Shortly after officially receiving air conditioning and heat regulation in trucks, UPS drivers have officially voted to go on strike. 97% of drivers in the Teamsters Union voted in favor of the motion.
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Now, the UPS Teamsters National Negotiating Committee is able to call a strike if the union is unhappy with the deal that UPS ultimately presents. The union—which represents over 340,000 UPS drivers and warehouse workers—is currently in talks with the company over concessions for a new National Master Agreement, with the current contract expiring on July 31. The authorization vote doesn’t mean that the UPS drivers are going on strike just yet, but it does mean that the union members can go on strike if necessary.
“This vote shows that hundreds of thousands of Teamsters are united and determined to get the best contract in our history at UPS,” Teamsters general president Sean M. O’Brien said in a press release. “The strongest leverage our members have is their labor and they are prepared to withhold it to ensure UPS acts accordingly.”
Air conditioning is only one sticking point for the union—the other is wages. Jacobin reported in February that some part-time warehouse workers were paid $15.50 per hour, a rate that is lower than minimum wage in some states and that the union was pushing a $20 per hour floor. Similarly, senior drivers can receive up to $41 per hour with benefits, while entry-level drivers—dubbed “22.4’s” after a 2018 contract provision that established a minimum driver rate—only receive $6 per hour. Given the low pay, there is a large turnover in entry-level workers which keeps drivers from reaching senior-level pay.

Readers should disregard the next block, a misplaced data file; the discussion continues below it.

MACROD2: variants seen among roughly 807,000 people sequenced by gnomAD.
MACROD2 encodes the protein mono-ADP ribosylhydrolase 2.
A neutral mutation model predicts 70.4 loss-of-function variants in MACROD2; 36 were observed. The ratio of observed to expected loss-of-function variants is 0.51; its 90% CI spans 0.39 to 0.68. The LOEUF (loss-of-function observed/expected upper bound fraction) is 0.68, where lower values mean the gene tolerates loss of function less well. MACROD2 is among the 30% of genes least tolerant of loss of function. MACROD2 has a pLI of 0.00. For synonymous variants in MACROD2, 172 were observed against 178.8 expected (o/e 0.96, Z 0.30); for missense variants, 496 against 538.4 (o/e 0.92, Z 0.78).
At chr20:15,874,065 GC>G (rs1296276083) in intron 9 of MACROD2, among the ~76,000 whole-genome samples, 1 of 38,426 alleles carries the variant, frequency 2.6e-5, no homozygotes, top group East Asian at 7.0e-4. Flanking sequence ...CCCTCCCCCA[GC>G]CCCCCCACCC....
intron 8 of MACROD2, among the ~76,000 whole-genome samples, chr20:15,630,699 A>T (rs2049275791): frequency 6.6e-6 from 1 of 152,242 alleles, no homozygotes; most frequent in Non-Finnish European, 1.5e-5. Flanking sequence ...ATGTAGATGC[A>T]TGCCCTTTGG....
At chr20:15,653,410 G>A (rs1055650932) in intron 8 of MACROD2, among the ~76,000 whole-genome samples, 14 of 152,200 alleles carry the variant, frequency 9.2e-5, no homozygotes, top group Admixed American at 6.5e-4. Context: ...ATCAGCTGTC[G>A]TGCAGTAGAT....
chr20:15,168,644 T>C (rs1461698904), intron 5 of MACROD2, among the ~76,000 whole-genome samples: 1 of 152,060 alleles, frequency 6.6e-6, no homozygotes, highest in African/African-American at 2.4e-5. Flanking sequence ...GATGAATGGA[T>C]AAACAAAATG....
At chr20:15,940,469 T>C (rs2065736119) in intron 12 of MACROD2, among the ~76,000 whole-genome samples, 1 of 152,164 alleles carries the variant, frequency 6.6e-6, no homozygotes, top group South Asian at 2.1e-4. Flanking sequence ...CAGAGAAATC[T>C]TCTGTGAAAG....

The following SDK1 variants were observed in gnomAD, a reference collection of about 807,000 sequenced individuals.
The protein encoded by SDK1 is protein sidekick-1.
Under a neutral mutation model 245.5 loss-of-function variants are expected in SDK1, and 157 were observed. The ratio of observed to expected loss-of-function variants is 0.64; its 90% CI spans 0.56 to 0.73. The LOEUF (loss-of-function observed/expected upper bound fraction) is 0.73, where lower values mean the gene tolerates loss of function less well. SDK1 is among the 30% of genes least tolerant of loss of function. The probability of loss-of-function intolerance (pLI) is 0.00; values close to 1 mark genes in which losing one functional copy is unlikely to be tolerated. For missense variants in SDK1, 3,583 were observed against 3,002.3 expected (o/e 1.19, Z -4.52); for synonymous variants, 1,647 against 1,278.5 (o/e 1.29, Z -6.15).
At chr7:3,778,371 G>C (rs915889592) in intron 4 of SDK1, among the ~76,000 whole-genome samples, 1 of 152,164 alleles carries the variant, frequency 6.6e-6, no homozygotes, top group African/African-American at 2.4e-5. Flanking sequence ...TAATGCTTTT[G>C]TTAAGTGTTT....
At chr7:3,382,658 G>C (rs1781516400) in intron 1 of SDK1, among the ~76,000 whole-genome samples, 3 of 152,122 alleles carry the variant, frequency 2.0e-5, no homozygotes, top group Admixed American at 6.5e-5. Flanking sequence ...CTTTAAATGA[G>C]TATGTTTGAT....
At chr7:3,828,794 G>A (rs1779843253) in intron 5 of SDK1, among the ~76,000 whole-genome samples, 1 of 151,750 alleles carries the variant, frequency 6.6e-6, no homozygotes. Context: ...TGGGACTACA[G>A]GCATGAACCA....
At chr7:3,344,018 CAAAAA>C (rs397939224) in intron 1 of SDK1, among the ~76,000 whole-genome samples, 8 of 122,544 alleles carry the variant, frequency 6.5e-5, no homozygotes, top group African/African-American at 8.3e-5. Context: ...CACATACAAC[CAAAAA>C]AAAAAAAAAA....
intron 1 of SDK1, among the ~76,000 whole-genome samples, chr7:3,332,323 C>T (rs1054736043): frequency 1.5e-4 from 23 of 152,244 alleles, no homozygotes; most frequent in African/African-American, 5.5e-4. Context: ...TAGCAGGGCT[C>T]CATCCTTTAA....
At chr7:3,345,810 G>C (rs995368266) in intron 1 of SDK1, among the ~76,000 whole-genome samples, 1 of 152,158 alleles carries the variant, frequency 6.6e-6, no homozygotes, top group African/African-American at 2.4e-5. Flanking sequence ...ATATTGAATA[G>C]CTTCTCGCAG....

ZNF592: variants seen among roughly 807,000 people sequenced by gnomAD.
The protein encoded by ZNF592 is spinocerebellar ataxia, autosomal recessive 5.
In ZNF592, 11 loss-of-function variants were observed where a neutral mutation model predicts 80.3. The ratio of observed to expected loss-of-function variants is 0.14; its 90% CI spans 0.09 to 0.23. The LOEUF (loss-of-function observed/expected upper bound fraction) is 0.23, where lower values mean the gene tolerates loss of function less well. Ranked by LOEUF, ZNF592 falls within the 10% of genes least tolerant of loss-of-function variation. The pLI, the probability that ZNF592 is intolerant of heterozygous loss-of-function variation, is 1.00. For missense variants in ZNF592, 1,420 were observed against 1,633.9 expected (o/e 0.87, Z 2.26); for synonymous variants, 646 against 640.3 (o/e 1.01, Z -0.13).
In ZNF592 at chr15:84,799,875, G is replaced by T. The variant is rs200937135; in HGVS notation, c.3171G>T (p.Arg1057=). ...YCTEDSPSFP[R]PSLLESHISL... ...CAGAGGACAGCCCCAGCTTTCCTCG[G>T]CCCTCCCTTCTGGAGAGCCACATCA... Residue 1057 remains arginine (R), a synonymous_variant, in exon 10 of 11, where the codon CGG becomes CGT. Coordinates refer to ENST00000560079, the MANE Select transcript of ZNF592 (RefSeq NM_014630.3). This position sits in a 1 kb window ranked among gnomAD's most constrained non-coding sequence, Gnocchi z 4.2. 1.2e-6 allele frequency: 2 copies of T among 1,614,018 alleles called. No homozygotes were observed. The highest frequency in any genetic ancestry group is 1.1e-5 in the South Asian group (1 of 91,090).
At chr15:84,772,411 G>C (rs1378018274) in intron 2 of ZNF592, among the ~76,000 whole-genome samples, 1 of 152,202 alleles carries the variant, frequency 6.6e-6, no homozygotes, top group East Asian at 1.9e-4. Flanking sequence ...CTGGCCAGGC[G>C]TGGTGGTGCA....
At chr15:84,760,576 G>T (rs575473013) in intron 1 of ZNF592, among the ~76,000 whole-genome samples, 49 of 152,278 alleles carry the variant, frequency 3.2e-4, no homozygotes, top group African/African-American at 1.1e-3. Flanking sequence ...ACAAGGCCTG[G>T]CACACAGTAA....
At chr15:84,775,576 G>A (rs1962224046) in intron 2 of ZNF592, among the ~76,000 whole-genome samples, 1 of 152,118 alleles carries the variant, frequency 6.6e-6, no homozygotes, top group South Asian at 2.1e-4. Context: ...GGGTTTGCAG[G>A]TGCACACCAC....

“We will be negotiating the economic portion in the coming weeks. We will be sharing updates,” a Teamsters representative shared with Gizmodo in an email.
On Wednesday, UPS reached a deal with the Teamsters to add air conditioning to UPS trucks both new and old after UPS drivers have been struggling with balmy trucks for years. Air conditioning will be included in newly purchased trucks beginning on January 1, 2024. While that’s pretty far in the future and excludes legacy vehicles, UPS added that trucks with AC will be dispatched to the parts of the country most susceptible to high temperatures first. Additionally, UPS will retrofit older trucks with a cab fan within thirty days of the union ratifying a new contract with the courier service—the union’s current contract expires on August 1. Trucks without air conditioning will get a second fan installed by June 1, 2024.
“We have reached an agreement with the Teamsters on new heat safety measures that build on important actions UPS rolled out to employees in the spring, which included new cooling gear and enhanced training,” UPS said in a press release on Wednesday. “We care deeply about our people, and their safety remains our top priority. Heat safety is no exception.”
The union’s contract with UPS expires in just under seven weeks, and CNN says that the strike could have significant ripple effects on the U.S. economy. According to the outlet, UPS delivers an estimated 17 million domestic packages every day. A looming strike in August, just as retailers swing into back-to-school season gives UPS plenty of incentive to reach an agreeable deal.